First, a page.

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Car totaled or stolen? All coverage doesn't pay equally

Gap insurance can make sense, especially if the loan balance exceeds the car value.

Person breaking into a car

As almost everyone knows, the moment you drive your new car home, it begins to lose value — very quickly in some cases. But if you are ever unfortunate enough to experience a total loss due to accident or theft, most standard insurance policies pay the actual cash value of the car at the time of the incident.

That means if you still owe more on your loan, you'll be on the hook to pay it.

If you financed your car through the dealer, you may have been offered "GAP insurance" as part of a range of options provided when you buy the car. Although they must by law fully explain it, there's still a lot of misinformation about GAP (Guaranteed Asset Protection) insurance, which is often now included in many full-featured auto insurance policies.

Here's the scoop

Let's say you buy a $40,000 car. Two years later, you're in an accident, and your car is declared a total loss by your insurance carrier.

The market value of your car at this point is $22,000, yet you still owe $26,000 on your loan. That $4,000 GAP is money you would still owe your lender, so GAP insurance pays off that difference.

GAP insurance may make sense under some conditions, especially those where the loan balance is likely to exceed the depreciated car value for most or all of the loan term. This might be the case in the following situations:

  • You've made a down payment of 20% or less, so the depreciated value will be less than the loan amount still due for most of the loan.
  • You've financed your car for a relatively long period of time, such as 60 months or more, so in later months when the car is worth much less than at the time of purchase you still have a significant loan balance.
  • You've bought a new car that has a record of depreciating quickly so your payments don't reduce the loan as fast as the declining value of the car.

Most dealers — and some banks — offer some type of GAP insurance as part of the vehicle loan, but rates and coverage can vary considerably. Be sure to figure out the total cost and read the fine print, as it can add a significant amount to your monthly payment.

State Farm Bank® offers Payoff Protector®footnote [1] for vehicle secured loans. Payoff Protector will release the borrower from the obligation to pay the difference between the amount paid by any insurance company for a total loss of the collateral and the scheduled unpaid principal balance due on the vehicle loan account held with State Farm Bank.

Though similar in some respects to Guaranteed Asset Protection (GAP), Payoff Protector is not equivalent to GAP. Payoff Protector is a provision within the loan agreement whereby State Farm Bank agrees to cancel the customer’s remaining unpaid principal balance due after application of collateral insurance coverage in the event of a total loss.  Payoff Protector is not an insurance product, and is subject to the terms, conditions, and restrictions of the Payoff Protector provision in the State Farm Bank Promissory Note and Security Agreement. No additional signatures are required for Payoff Protector.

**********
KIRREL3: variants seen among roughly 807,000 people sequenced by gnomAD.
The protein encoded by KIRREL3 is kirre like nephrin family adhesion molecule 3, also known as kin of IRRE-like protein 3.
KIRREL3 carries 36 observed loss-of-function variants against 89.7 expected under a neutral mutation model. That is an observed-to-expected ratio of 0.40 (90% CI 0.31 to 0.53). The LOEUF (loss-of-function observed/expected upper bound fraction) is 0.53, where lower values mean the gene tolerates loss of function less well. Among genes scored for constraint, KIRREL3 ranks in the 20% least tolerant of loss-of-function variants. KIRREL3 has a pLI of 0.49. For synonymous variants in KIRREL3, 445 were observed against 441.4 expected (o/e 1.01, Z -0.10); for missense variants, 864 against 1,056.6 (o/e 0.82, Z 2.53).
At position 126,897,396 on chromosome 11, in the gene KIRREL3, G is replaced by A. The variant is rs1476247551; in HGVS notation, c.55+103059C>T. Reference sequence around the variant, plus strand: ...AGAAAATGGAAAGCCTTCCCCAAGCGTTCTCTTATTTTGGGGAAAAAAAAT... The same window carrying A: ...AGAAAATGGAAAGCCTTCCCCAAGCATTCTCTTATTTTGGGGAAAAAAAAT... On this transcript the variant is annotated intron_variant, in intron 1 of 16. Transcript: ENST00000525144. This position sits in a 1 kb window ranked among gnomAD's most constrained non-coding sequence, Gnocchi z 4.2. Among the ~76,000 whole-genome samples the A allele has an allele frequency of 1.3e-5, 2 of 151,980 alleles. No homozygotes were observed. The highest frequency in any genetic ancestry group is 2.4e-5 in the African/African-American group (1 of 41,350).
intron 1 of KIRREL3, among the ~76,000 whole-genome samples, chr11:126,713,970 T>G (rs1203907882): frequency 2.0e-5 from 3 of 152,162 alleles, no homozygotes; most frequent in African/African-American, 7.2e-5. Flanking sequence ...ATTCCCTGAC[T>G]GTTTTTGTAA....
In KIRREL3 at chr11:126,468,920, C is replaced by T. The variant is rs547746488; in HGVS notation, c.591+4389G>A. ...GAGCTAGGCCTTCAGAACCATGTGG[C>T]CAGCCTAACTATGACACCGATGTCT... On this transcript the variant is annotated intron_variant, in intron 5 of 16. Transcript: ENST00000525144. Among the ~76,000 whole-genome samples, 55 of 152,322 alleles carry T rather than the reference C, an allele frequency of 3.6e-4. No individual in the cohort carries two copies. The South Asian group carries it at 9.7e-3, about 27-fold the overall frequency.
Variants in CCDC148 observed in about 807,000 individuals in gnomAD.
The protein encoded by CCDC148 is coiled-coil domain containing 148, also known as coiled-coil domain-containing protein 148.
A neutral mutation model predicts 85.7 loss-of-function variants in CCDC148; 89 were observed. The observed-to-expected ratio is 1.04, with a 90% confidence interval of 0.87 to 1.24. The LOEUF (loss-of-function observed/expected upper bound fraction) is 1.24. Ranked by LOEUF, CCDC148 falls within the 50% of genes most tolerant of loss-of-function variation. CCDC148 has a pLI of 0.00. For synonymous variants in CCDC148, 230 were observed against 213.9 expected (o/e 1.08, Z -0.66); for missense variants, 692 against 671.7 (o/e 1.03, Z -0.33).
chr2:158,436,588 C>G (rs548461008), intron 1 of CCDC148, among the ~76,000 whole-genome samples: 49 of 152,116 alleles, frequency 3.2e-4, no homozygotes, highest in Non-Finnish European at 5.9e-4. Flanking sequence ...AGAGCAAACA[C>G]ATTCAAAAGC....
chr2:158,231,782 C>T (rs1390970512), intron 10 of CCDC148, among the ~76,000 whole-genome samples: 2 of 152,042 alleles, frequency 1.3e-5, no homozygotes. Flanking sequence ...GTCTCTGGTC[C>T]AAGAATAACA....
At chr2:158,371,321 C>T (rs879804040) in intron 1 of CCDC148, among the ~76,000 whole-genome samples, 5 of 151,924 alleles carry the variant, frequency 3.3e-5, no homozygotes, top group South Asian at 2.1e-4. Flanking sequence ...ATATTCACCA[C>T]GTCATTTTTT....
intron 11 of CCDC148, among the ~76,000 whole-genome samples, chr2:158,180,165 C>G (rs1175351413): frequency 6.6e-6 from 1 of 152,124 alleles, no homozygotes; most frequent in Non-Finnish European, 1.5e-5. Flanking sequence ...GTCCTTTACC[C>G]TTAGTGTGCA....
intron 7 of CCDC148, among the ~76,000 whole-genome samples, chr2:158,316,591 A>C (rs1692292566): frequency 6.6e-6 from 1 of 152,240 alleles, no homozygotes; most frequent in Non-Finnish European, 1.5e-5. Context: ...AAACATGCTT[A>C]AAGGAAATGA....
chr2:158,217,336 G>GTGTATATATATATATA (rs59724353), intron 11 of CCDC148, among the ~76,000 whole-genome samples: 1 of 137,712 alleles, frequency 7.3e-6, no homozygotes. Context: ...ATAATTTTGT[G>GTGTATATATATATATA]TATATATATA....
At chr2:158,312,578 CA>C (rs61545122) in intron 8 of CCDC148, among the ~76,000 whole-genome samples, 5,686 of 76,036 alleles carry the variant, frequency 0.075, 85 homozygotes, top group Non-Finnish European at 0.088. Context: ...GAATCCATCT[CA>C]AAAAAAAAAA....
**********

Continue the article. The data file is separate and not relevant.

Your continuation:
For more information on Payoff Protector, contact your State Farm® Agent or State Farm Bank at  877-SF4-BANK (877-734-2265).

return to reference[1] Payoff Protector is not an insurance product. Subject to the terms, conditions, and restrictions of the Payoff Protector provision in your State Farm Bank Promissory Note and Security Agreement. If your vehicle is determined to be a total loss before the loan is paid off, State Farm Bank will cancel the difference between the insurance payout and the unpaid principal balance due on the loan. Certain restrictions apply. For example, your loan must be in good standing.

State Farm Bank, F.S.B., Bloomington, Illinois ("Bank"), is a Member FDIC and Equal Housing Lender. NMLS ID 139716. The other products offered by affiliate companies of State Farm Bank are not FDIC insured, not a State Farm Bank obligation or guaranteed by State Farm Bank, and may be subject to investment risk, including possible loss of principal invested.

The information in this article was obtained from various sources not associated with State Farm® (including State Farm Mutual Automobile Insurance Company and its subsidiaries and affiliates). While we believe it to be reliable and accurate, we do not warrant the accuracy or reliability of the information. State Farm is not responsible for, and does not endorse or approve, either implicitly or explicitly, the content of any third party sites that might be hyperlinked from this page. The information is not intended to replace manuals, instructions or information provided by a manufacturer or the advice of a qualified professional, or to affect coverage under any applicable insurance policy. State Farm makes no guarantees of results from use of this information.

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